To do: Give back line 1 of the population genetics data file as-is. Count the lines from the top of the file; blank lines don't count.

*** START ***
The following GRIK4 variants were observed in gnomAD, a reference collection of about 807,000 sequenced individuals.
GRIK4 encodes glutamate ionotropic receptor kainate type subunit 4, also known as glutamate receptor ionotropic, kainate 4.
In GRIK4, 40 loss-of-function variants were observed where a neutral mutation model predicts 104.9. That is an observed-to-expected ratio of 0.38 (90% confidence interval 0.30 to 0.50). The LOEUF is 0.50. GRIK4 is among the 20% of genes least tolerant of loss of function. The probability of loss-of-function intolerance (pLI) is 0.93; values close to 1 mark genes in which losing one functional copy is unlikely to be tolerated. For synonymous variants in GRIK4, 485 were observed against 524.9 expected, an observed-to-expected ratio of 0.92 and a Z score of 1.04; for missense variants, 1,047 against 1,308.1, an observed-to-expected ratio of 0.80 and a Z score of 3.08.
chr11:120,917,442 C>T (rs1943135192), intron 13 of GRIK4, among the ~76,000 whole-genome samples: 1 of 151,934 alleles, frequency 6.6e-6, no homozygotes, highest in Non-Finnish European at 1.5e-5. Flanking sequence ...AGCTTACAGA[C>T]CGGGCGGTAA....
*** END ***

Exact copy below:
The following GRIK4 variants were observed in gnomAD, a reference collection of about 807,000 sequenced individuals.